Triple Play 2002 REVIEW

Triple Play 2002 Review (Xbox)

Ugh. I really try hard to give a game a fair try before I do a review, but Triple Play 2002 put my patience to the test. No one element of the game is horrendously bad, but when you add it all up, this game lacks fun and depth. You may have moments of fun, but the feeling that most of it is scripted, will ruin most of the fun. The biggest factor against TP is that there is nothing that it does, that isn’t done better by another game on the market. Oh wait, except for foul balls, the foul balls animations are awesome, they look great.

No depth. If you have played previous versions of TP, you will quickly figure out most of the necessary strategies. While pitching on Pro, work the perimeter of the strike zone and you will end up with a multitude of the popups and weak ground outs. I was getting whacked on All-Star using this same strategy until I realized that I should almost never throw a strike in order to get someone out. Throw a strike on All-Star and it will get hit hard somewhere, sorry but this is just not baseball. Strikes will be missed, popped up, grounded weakly and sometimes ripped. All pitching strategy is removed from the game when you are punished for throwing strikes.

Hitting is pretty easy on Pro, with many homeruns. I hit at least 4 or 5 a game in the first few games I played on Pro. On the plus side the ball is easy to pick up and the pitches do look different. However, what type of pitch it is doesn’t really matter that much, just place your cursor where the pitch indicator is and swing when the ball enters the middle. Hitting is tougher on All-Star, but the main problem is that there is no guessing game going on between pitcher and hitter, again line up the cursor and swing away. At the All-Star level the pitches seem to move out of the center of the cursor more often, but you will still hit the ball most times. There is very little risk of striking out, even on the All-Star level with minimal playing time put in.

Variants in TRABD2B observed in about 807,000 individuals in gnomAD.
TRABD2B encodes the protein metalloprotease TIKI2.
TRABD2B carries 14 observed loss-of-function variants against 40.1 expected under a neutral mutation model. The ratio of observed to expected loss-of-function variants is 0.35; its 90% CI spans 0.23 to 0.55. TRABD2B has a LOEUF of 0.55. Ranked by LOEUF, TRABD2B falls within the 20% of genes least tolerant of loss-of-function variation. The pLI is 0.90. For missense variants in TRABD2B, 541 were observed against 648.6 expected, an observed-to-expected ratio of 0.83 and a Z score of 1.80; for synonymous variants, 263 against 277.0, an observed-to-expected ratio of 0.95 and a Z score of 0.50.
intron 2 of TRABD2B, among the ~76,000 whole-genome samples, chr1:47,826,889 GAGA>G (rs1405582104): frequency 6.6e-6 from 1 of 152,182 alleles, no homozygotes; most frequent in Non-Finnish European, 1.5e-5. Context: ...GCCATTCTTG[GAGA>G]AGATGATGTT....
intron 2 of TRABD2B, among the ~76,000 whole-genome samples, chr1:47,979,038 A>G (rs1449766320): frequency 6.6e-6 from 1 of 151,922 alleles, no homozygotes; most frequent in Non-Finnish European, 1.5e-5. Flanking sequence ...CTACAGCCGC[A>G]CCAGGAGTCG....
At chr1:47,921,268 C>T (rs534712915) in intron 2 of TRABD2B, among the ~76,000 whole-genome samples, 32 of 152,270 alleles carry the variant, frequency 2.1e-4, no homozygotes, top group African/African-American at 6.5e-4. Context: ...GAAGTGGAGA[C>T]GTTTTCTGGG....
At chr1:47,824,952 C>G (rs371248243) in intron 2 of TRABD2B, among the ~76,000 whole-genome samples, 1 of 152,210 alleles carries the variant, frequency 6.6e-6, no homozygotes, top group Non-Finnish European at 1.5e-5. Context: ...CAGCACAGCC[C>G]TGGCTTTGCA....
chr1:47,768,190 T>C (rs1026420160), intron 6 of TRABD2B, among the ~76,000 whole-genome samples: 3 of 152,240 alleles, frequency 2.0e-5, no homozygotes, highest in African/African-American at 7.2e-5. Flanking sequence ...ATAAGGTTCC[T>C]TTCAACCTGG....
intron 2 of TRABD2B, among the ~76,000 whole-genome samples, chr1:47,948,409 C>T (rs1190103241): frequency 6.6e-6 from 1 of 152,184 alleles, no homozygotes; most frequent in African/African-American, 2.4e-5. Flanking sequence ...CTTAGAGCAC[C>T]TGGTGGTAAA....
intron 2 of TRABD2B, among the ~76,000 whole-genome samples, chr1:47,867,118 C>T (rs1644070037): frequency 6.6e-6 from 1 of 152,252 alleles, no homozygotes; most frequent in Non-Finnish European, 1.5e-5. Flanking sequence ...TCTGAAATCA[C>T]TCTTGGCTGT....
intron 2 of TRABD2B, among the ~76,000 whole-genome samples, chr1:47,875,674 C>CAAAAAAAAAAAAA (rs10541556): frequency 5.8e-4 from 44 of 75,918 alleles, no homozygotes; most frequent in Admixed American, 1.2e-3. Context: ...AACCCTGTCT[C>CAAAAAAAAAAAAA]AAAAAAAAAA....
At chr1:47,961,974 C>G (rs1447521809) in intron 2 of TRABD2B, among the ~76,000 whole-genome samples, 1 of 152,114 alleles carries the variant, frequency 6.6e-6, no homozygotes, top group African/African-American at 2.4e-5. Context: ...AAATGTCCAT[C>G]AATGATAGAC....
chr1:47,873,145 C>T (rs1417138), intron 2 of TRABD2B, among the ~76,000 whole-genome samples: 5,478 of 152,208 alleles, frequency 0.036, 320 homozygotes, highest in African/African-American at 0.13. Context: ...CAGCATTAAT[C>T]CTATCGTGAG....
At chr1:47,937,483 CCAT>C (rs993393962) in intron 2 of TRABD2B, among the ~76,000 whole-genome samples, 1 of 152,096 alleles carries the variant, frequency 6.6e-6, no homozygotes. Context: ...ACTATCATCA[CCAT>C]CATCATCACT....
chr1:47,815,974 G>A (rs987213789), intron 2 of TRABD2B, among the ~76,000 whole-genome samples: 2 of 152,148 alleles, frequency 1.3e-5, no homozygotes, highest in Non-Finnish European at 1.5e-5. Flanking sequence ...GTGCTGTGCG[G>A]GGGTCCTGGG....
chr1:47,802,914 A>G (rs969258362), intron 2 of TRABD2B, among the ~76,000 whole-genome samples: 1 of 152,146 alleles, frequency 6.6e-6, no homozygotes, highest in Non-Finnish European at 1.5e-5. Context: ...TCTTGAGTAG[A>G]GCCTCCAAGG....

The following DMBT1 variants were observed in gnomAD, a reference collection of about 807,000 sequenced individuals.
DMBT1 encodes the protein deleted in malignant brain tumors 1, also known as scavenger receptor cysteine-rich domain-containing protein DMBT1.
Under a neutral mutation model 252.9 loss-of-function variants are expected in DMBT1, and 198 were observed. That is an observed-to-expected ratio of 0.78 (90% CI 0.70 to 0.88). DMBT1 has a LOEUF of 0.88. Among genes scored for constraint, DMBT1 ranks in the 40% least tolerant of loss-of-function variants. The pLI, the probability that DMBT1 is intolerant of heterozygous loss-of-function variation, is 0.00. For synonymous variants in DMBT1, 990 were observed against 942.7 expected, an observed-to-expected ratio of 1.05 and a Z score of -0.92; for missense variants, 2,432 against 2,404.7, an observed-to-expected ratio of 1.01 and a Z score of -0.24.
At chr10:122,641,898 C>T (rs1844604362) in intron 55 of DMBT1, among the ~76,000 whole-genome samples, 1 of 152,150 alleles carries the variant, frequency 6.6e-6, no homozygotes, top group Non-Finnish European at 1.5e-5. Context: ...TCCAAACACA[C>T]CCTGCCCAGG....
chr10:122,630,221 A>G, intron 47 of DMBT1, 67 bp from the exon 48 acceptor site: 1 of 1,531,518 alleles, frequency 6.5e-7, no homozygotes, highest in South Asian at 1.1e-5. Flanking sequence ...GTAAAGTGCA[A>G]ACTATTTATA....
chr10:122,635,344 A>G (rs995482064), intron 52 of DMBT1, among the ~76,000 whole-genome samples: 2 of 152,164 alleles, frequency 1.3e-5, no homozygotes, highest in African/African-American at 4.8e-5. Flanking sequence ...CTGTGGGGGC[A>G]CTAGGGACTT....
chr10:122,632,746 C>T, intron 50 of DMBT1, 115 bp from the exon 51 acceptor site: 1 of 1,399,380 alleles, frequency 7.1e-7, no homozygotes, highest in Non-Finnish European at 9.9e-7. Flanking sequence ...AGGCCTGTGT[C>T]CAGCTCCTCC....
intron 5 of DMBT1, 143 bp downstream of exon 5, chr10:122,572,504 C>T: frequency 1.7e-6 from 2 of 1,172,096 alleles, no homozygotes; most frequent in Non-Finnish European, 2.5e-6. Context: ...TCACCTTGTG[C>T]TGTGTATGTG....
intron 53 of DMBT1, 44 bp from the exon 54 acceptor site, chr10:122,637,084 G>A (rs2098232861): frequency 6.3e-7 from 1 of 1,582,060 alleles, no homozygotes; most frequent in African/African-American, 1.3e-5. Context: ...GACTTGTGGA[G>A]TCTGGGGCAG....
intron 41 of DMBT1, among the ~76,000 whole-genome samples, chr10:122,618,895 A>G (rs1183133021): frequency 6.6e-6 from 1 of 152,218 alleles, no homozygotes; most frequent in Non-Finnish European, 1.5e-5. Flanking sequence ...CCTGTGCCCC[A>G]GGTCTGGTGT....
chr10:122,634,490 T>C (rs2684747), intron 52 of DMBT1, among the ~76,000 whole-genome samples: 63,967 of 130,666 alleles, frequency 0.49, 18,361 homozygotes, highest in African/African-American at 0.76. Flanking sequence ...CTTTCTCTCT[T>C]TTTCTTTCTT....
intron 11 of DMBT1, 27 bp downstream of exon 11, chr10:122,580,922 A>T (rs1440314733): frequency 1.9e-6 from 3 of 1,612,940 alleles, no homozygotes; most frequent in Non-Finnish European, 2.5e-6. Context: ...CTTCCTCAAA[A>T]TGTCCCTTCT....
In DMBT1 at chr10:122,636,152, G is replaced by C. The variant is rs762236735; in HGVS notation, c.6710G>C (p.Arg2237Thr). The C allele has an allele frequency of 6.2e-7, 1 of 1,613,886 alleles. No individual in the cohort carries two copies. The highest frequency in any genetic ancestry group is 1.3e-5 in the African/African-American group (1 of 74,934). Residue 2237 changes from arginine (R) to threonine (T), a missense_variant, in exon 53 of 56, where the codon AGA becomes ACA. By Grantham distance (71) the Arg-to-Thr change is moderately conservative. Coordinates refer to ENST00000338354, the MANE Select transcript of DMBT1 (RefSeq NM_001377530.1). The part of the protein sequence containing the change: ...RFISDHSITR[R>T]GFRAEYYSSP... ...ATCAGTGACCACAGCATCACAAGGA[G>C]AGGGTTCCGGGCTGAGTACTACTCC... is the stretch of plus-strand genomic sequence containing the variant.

Fielding is different than High Heat or ASB where you hit a button to throw to the corresponding base. In TP you use the directional button or just hit A for easy throw. Unfortunately the A button doesn’t always throw to where you would like and throwing is not very responsive. You can also use the right analog stick to throw by pointing it in the direction of the base. After some practice this method works pretty well, with some problems due to pressure sensitivity and responsiveness.